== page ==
BY KATHRYN PIERCE
In collaboration with @SomewhereEDI
I was looking forward to catching KATIE REDDIN-CLANCY’s Grace – billed as ‘a production about power and letting go’ – an hour-long, character-filled solo show commenting on meaty subjects such as gender, identity, love and death, among other things.
The performance centres on the vaudevillian characters of Zora and male alter-ego Alfie, performing in an old regional theatre for the first time since their co-star and former lover Grace met with an untimely death. Supporting acts come in the form of various characters such as with Sheryl (with an ‘S’) the theatre manager, Audrey the Am-Dram ghost, Anna the agent and PR manager, and even dearly-departed Grace comes back to have her say.
Each of the characters has a different story to tell, attempting to offer something to current conversations around fame, gender fluidity, the re-configuring of sexual paradigms (“just because you’re in a relationship with a woman doesn’t mean you’re a card-carrying lesbian. Welcome to 2018”), and the role of show business in artistic and personal freedom.
There were glimpses of sharper-witted comedy in a couple of the characters, and I found myself wishing this had been a stand-up set instead. The performance itself was good, and some of the character work I really liked; Reddin-Clancy has a good singing voice and she commanded the room well. I really felt for her though as the excessive noise bleed from the adjacent performance space was unacceptably intrusive throughout the majority of the show, and she did very well to maintain a professional performance throughout. When questioned after the show had ended, staff at the venue claimed there hadn’t been any previous complaints about the issue.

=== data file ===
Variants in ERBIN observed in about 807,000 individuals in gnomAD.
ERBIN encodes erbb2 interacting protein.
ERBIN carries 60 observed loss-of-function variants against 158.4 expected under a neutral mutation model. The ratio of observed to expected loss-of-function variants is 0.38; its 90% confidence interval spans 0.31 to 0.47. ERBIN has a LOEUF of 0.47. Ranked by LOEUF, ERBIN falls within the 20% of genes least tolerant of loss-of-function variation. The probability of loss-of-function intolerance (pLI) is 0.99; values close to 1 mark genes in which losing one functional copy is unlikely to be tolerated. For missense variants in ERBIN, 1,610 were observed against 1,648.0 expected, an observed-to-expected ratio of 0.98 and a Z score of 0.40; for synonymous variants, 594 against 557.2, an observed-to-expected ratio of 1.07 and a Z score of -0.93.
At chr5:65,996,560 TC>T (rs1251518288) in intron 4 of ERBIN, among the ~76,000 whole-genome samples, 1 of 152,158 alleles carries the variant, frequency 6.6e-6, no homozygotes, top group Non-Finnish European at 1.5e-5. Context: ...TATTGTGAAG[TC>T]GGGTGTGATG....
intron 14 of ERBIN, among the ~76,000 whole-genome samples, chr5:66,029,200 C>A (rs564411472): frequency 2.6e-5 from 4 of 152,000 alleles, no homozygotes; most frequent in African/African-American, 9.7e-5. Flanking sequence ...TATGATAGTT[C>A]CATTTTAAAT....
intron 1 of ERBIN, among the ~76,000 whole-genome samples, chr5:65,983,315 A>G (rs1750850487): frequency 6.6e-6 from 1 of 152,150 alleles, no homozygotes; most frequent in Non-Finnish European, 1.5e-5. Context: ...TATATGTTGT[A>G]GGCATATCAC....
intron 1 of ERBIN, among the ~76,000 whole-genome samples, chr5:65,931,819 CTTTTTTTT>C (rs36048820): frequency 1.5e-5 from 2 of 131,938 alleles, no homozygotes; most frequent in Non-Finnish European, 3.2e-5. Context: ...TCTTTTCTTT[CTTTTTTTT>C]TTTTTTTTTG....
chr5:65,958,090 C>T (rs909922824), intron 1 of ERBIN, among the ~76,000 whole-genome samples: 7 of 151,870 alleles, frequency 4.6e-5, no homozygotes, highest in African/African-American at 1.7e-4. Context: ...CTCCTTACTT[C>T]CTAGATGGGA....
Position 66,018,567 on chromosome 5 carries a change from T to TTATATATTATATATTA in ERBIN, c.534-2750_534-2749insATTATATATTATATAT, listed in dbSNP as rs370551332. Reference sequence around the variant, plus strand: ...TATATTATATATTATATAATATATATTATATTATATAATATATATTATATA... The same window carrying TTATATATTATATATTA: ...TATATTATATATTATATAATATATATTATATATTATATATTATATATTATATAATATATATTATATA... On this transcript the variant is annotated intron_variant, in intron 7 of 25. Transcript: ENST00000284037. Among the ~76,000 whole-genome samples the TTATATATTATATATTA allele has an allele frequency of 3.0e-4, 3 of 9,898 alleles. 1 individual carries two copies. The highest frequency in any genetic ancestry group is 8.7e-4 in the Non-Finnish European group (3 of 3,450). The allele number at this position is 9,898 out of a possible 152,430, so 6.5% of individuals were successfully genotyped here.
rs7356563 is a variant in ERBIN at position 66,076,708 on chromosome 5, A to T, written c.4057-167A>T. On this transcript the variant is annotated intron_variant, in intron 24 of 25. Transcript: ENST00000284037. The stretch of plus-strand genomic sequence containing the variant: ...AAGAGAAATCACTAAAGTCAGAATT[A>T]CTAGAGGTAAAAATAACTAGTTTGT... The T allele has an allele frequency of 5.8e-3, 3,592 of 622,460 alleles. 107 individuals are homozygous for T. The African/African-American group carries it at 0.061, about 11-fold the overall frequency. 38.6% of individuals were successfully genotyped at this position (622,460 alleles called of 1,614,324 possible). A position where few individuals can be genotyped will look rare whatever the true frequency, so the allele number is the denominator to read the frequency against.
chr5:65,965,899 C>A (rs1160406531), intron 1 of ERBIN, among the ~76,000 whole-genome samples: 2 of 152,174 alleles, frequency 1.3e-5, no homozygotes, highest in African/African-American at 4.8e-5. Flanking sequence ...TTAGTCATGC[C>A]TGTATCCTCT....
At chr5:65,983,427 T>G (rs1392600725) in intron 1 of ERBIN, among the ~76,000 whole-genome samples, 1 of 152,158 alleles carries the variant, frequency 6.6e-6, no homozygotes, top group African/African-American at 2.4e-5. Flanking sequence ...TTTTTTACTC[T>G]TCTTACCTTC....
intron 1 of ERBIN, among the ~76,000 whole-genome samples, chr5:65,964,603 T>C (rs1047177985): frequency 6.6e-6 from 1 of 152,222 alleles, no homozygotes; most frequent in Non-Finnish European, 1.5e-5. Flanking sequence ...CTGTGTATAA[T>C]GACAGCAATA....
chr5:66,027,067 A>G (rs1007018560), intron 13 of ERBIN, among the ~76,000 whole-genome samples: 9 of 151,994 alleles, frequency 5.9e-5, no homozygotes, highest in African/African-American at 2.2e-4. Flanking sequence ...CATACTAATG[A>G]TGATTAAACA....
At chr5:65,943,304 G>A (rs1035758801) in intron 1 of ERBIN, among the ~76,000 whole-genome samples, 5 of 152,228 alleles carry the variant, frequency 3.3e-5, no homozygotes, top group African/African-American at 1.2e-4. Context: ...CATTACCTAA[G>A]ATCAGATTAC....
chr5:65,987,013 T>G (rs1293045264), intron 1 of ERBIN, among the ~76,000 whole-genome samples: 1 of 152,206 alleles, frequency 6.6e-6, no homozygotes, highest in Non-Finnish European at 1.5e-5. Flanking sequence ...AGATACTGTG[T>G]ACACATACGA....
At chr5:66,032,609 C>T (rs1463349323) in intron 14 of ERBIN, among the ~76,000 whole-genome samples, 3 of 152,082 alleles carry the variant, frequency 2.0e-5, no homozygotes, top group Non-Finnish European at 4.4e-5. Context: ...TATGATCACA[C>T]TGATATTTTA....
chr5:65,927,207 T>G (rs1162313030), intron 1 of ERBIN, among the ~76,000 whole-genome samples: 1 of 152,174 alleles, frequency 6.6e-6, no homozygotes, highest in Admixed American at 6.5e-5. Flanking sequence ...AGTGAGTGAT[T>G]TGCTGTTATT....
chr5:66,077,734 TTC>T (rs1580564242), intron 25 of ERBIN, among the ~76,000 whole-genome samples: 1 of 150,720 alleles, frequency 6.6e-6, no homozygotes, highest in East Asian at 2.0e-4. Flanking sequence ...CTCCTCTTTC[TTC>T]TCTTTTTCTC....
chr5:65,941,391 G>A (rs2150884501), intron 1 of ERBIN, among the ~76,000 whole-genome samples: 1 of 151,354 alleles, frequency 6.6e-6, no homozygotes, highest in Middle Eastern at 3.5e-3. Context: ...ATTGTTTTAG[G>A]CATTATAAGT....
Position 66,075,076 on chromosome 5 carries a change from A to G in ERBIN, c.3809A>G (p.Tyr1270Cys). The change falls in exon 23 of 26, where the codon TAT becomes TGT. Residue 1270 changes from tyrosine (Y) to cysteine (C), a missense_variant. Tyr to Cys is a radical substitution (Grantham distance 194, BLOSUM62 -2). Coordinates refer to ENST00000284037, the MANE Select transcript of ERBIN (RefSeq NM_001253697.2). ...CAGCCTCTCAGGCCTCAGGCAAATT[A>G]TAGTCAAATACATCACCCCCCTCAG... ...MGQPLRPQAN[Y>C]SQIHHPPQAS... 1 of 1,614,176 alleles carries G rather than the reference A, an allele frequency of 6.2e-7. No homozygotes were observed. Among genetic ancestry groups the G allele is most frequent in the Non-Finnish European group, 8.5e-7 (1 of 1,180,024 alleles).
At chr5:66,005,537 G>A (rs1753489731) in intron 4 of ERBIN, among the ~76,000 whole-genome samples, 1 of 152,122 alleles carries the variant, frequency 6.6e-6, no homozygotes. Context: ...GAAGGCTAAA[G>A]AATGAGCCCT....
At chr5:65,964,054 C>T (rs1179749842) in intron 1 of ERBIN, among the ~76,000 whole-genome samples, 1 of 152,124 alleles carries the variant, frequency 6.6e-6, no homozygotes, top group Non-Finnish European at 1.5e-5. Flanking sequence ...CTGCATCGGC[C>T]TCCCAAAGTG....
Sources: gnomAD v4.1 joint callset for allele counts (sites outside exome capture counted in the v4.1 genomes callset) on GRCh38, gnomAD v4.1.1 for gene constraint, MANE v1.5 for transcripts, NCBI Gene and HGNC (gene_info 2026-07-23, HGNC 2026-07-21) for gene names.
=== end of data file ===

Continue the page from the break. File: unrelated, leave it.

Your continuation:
The ambitions for the production are high but unfortunately it doesn’t deliver, instead becoming a confusing jump between roles (especially between Zora/Alfie narratives) with ultimately none of the characters bringing anything of real substance to the table. Trans identities aren’t explored with any insight, and the use of alter-egos, secret languages, gendered toys and role-play creates a mist of superficial and fanciful, which is a real shame.
I came away not really knowing what the piece was trying to tell me.